Is that what it takes to keep these darn things alive? I used to think so, but in honor of National Poinsettia Day–today–I’ve been doing a bit of research. Apparently, it’s not as hard as I thought. In fact, it is positively possible to keep this little baby alive clear until next Christmas. No lie.
What? You’re a non-believer? Well from what I’ve read–it’s not a bit hard. You just have to know what you’re doing.
In the November/December 2003 issue of Country Woman Magazine a reader writes:
Q. “I have the most beautiful poinsettia. Is there a way I can keep it alive and thriving for next Christmas?”
A. “You certainly can! And you’re not alone in wanting to do so. We and many others like to keep the plants blooming as long as possible, too.
To be honest, it really isn’t all that difficult to take care of a poinsettia. Place the plant near a bright window but out of direct sunlight and make sure the temperature indoors isn’t too high. The flowers prefer cool conditions.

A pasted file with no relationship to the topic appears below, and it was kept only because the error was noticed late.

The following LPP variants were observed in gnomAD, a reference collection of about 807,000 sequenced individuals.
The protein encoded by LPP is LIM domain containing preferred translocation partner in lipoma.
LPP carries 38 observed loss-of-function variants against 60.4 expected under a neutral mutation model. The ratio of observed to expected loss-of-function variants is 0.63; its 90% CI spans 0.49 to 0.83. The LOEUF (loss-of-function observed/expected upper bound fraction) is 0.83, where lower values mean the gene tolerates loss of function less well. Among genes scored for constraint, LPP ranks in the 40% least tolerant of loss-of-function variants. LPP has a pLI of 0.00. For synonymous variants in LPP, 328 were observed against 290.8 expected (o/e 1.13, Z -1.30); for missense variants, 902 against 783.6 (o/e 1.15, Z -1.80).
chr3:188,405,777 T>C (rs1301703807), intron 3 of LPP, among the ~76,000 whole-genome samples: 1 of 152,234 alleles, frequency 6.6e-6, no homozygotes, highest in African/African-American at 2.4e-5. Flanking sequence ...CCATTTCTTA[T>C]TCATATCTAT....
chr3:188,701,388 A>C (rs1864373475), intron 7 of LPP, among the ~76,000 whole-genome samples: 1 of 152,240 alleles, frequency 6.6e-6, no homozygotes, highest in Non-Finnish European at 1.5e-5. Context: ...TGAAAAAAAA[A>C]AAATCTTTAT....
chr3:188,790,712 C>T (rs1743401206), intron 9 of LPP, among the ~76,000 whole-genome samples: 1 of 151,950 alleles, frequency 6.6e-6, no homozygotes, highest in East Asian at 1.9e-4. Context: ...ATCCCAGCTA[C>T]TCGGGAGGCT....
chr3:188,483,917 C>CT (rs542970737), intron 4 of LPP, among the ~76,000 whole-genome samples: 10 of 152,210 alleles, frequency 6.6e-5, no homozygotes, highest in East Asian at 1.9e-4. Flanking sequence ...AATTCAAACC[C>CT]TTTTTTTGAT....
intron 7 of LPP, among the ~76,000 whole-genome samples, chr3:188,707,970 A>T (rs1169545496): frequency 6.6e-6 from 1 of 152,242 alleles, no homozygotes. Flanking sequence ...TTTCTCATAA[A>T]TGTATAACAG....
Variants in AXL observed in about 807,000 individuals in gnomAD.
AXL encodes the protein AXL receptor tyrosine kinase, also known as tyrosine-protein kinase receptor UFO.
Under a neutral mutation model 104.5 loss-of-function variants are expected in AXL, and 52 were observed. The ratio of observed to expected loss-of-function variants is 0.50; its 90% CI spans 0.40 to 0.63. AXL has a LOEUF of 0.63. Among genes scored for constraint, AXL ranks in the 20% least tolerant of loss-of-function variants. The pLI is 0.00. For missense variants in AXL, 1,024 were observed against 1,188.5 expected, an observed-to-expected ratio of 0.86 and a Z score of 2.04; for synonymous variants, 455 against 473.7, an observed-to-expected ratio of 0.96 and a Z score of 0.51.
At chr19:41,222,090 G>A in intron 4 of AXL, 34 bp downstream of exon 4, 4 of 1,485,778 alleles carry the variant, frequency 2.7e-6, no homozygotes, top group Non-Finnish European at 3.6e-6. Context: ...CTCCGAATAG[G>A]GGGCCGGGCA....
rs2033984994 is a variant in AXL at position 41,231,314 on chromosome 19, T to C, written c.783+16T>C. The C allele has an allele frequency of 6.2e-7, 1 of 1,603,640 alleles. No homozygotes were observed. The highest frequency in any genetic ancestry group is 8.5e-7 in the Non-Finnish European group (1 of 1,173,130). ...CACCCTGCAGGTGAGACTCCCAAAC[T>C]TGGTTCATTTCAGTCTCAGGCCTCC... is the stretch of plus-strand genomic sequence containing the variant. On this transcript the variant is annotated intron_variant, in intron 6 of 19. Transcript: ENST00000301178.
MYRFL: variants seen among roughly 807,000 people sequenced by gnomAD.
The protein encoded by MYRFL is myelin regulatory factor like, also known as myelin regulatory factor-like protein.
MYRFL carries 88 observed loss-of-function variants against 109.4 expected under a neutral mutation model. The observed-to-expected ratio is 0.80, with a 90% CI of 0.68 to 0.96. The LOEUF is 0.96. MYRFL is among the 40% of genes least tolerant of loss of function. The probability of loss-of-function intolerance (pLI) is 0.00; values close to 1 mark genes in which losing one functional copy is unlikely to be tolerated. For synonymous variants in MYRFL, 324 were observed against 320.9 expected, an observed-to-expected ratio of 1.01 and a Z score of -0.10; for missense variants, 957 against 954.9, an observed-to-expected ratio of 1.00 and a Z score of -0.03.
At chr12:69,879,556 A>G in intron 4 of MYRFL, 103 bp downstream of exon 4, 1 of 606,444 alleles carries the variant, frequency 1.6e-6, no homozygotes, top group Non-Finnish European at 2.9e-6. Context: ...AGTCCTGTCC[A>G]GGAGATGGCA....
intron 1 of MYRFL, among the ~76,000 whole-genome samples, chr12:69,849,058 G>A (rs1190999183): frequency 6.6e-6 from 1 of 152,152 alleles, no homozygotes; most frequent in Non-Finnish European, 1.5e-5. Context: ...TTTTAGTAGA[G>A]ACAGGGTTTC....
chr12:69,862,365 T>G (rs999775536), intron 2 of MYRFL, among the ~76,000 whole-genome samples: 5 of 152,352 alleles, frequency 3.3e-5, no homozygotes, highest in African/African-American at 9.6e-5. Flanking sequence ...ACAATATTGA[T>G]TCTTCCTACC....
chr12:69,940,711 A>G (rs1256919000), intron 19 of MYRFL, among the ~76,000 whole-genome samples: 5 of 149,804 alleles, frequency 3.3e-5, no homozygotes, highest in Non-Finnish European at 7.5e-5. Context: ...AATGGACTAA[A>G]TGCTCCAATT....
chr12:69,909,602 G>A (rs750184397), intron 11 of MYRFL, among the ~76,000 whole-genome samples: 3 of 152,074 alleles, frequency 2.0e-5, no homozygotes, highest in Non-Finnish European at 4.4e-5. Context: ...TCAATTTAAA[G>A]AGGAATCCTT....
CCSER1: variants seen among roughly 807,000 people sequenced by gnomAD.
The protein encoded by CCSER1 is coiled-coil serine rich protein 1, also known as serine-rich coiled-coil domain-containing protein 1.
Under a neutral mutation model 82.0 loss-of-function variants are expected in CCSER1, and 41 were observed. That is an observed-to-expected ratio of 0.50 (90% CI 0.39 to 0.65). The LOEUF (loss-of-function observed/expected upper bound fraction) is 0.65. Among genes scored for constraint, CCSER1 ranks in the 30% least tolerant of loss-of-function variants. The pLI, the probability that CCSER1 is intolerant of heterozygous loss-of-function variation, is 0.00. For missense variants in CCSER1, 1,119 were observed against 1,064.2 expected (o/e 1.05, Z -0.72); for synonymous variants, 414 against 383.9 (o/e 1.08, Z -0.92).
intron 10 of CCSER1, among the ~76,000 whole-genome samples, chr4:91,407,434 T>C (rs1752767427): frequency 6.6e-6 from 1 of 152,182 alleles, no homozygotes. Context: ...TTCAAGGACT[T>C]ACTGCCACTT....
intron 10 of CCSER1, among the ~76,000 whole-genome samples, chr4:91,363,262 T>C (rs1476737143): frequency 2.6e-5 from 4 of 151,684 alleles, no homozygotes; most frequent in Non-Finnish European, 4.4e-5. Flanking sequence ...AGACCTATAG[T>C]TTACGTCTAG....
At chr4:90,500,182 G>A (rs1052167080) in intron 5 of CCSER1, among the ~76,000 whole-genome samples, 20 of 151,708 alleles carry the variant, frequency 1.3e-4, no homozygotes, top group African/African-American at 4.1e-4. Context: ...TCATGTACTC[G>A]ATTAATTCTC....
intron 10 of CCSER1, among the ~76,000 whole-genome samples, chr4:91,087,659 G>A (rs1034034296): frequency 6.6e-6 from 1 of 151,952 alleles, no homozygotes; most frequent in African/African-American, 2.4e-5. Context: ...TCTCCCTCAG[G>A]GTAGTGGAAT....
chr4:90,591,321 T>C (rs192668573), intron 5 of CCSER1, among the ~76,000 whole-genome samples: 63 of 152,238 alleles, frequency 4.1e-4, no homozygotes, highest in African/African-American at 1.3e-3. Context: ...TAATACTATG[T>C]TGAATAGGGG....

Most importantly, never let your poinsettia dry out. Water it daily–but don’t let the soil get too soggy or leaves will turn yellow and fall off.
Around the beginning of January, add some all purpose houseplant fertilizer. if you notice that it’s starting to look a bit leggy by the middle of February, cut it back to about 5 inches high.
When spring arrives, remove leaves and branches as they start to fade of dry out. You can add more soil if the level looks low in the pot and continue to keep it in a bright location.
In early summer, trim off 2-3 inches to promote a fuller look and repot the poinsettia in a larger container. Once the weather is consistently warm, move it outside where it will get lots of sun, then water and fertilize regularly.
Starting on or near the first day of fall, you’ll want to bring the plant inside and put it in a closet or in the basement at night to ensure it gets 13 hours of uninterrupted darkness. During the day, it should receive about 11 hours of light.
By the end of November, you can stop the short day/long night routine, place the poinsettia in a sunny spot…and watch it turn colorful once again!”
I’m up for the challenge–I’ll let you know how it goes.
Happy Birthday my sweet April!